Home Russell County Woodcock says Rogers Explorers ‘well worth the experience’

Woodcock says Rogers Explorers ‘well worth the experience’

'The entire experience itself was great.'

Asa Woodcock - Rogers Explorers
Asa Woodcock, an incoming freshman at Russell County High School, recently attended the three-day Rogers Explorers program at Asbury University.
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When Asa Woodcock finally had the chance to apply for the Rogers Explorers program during his eighth-grade year at Russell County Middle School, he jumped at it.

He had heard about the program before because it was something his sister, Natalie, did in 2017, and he knew it was something he would be interested in, too.

“It had just intrigued me, and I wanted the experience, too,” he said.

After coming back from Rogers Explorers, which he attended from July 6-8 at Asbury University, Woodcock was not disappointed in his decision.

“The entire experience itself was great,” he said.

Even though it was only a three-day, two-night stay at Asbury, Woodcock was impressed with how many activities they were able to do during his time on campus.

The program started off with a “get-to-know-you activity” that involved throwing a tennis ball around and participants introducing themselves.

Then, each of the students moved into their dorms and had leisure time with “all kinds of games.” 

The next morning, Woodcock and his group were able to do some community service.

“We helped the local church clean and do maintenance,” he said.

After lunch, they attended their major courses.

“I was in the group that had media,” Woodcock said. “We had a tour of the Miller Communications Building, and then we did our own ‘newscast.’”

The newscast, Woodcock said, was the most memorable part of his time at Rogers Explorers.

“This was my favorite because we got to make our own news from things we found throughout the tour that day,” he said.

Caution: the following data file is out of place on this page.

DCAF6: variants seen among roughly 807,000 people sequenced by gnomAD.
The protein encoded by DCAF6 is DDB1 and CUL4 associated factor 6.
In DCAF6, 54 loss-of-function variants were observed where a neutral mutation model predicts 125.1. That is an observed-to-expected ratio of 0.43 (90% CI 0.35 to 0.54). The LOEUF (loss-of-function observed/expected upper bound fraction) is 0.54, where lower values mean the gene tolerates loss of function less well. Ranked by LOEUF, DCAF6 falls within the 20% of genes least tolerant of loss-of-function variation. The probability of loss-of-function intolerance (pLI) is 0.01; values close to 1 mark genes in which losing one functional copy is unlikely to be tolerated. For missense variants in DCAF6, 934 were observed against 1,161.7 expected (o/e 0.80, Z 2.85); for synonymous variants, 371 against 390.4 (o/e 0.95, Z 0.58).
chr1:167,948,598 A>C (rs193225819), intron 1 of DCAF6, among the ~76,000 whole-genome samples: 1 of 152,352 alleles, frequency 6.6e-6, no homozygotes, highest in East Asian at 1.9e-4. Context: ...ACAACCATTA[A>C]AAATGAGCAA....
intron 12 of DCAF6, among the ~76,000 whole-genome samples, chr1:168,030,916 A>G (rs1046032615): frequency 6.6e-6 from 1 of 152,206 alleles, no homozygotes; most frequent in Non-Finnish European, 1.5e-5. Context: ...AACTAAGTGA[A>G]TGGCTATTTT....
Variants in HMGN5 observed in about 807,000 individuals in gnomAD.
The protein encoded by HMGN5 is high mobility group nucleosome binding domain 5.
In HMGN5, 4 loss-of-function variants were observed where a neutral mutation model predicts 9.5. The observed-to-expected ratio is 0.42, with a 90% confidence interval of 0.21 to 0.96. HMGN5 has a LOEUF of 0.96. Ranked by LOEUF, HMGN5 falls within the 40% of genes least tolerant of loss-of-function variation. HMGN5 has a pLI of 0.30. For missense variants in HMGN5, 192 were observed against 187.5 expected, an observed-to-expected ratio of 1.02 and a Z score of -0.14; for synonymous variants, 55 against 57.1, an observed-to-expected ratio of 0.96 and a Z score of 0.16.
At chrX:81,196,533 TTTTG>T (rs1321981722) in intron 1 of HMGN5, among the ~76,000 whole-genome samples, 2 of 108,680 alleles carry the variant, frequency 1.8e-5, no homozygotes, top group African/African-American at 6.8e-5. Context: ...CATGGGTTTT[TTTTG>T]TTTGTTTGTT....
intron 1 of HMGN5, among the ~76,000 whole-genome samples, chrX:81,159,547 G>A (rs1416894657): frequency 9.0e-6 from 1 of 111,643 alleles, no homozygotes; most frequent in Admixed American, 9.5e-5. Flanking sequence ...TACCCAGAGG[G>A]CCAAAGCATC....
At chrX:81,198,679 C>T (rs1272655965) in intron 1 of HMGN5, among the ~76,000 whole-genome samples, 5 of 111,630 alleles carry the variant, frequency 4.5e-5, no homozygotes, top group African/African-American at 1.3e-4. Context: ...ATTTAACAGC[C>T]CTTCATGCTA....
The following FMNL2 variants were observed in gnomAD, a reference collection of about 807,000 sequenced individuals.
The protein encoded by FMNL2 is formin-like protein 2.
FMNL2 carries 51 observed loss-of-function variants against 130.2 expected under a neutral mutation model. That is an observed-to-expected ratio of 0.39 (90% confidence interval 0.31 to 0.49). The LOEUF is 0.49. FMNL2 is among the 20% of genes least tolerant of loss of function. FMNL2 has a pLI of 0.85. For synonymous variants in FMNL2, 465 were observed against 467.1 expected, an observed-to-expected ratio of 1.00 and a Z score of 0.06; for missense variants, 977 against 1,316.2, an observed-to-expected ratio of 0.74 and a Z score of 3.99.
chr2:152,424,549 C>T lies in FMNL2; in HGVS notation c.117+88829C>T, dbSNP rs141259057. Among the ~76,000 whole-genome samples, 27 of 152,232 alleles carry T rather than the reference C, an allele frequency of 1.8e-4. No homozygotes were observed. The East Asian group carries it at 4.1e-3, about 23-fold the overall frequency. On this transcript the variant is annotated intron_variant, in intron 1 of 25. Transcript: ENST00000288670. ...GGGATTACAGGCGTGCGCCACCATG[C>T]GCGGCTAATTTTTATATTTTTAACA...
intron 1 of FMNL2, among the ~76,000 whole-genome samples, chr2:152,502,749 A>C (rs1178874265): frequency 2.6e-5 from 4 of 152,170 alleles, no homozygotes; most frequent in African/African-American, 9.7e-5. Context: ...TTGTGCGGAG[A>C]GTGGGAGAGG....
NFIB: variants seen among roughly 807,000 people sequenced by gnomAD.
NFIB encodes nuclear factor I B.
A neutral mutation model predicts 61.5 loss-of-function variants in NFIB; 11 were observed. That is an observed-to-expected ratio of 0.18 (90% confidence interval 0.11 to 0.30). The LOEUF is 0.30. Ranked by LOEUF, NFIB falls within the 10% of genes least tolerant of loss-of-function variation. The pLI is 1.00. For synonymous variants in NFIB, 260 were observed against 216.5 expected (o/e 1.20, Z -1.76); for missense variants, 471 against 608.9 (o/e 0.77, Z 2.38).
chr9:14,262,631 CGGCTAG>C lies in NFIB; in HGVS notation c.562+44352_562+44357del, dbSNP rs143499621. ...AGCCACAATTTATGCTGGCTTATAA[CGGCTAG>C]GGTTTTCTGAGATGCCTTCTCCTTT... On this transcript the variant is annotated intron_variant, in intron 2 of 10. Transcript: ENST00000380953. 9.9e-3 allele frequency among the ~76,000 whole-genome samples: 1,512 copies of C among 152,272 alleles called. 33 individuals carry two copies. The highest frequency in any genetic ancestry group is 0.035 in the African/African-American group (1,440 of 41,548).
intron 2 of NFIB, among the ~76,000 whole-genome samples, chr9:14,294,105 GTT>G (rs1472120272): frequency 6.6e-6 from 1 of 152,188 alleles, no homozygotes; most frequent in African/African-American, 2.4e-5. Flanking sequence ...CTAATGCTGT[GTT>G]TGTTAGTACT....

The next day, the participants got to take part in a low ropes course.

“It was an amazing teamwork activity,” Woodcock said. “We had to guide each other through ropes and obstacles to the other side, and overall, (we) had a great time.”

After hearing about some of the missions that are currently happening at NASA, the group made a final presentation on their experience and had a graduation ceremony before “we all parted our separate ways.”

Woodcock, an incoming freshman at Russell County High School, said his time in the program was “great” and that he feels encouraged to apply for one of The Center for Rural Development’s other youth programs, Rogers Scholars, when he gets the chance later in his high school career.

“If Rogers Explorers was this much fun, then Rogers Scholars must be even better,” Woodcock said.

He added that he would urge any eighth-grader to apply for Rogers Explorers when they have the opportunity.

“The friends that you can make and the fun that you can have is 100 percent worth applying for,” Woodcock said. “It’s well worth the experience.”

Asa is the son of Jason and Cynthia Woodcock, and Khari Gaskins.

The Rogers Explorers program is an intensive three-day, two-night program focused on cultivating skills in leadership, technology, math, science, and community service.  It is developed, coordinated, and supervised by The Center for Rural Development in partnership with University of the Cumberlands, Lindsey Wilson College, Eastern Kentucky University, Morehead State University, Asbury University, University of Pikeville, and Union College.

Stories for all four Russell County students who attended Rogers Explorers — Woodcock, Marlei DeVore, Ella Pierce, and Laila Hammond — will be featured on The County Line in the coming days.

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